Again thanks for your very enlightening comments… i am enjoying the discussion

  3. theothergardener January 16, 2010 at 9:31 pm #

    Of course, I assume you realize, that this, too, is you. So of course really you are just suggesting one way—a traditional one—of doing what I am suggesting. Here is another: provide footnotes to a text, let’s say a novel, which question the narrator’s account of things, its accuracy, tone, approach. This is more than some exercise in ambiguity too, or at least it can be, if the footnotes also introduce alternative narratives, new plotlines, even new characters. Robbe-Grillet does this in his last novel, “Repetition,” with brilliant results. But, this is just one way of nudging, ordering, and reordering. I hate to inform you though, that whatever the ‘characters’ do, it is still you, and it is still you, and so on…in this way, they are never really ‘natural,’ and of course, they are never people. They are more like ghosts, or amputated beings, they are parts of people, specifically, you, me, the author.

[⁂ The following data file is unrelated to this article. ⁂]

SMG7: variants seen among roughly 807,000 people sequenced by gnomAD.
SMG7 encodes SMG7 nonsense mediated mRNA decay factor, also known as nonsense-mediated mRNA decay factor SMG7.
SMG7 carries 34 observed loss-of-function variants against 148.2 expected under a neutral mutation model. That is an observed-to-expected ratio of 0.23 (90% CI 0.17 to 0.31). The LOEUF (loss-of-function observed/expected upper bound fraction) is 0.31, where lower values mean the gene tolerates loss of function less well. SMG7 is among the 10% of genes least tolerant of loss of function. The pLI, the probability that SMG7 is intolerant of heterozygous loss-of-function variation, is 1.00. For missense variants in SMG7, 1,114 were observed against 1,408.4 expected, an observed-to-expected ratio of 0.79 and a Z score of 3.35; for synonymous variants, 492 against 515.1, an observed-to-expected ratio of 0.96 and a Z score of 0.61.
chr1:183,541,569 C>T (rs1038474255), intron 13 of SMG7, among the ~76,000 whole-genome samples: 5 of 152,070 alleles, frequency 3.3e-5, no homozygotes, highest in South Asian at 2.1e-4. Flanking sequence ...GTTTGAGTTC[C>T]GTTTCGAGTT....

• geofftalbot January 18, 2010 at 12:38 am #

      Interesting. Now if you were talking in the novel writing sense or even just the straight writing sense then you are 100% correct my friend. Interestingly with a film script… I then give my character to an actor who makes it personally theirs… which allows these characters to belong to a dichotomy of people. That several characters or interpretations of characters exist inside one person is definitely true. I think it is important that we construct these characters and attempt to make them as naturally human and alive as possible within both the writer and the readers imagination… By believing that they are separate from you the writer does in some way give them permission to speak and act in a way that is different to how you their creator would live.

      The initial blog was written in respect to screenwriters who write to a formula that is entirely plot driven forgetting that in real life, people create the drama and plot through their own wants and desires etc. I think you must have characters in both hands and your plot in one…

      great comments by the way… thanks

  4. Em January 16, 2010 at 9:52 am #

    that is the key i was searching for!

  5. Emiliy January 16, 2010 at 9:51 am #

    that is the key i was searching for

  6. theothergardener January 15, 2010 at 9:09 pm #

    Characters do seem to take on trajectories and wanderings all their own, with a little time and patience. But one always wants to force things, just a little. It is natural.

    • geofftalbot January 16, 2010 at 7:08 am #

      Well the other characters can force the issue and create the plot?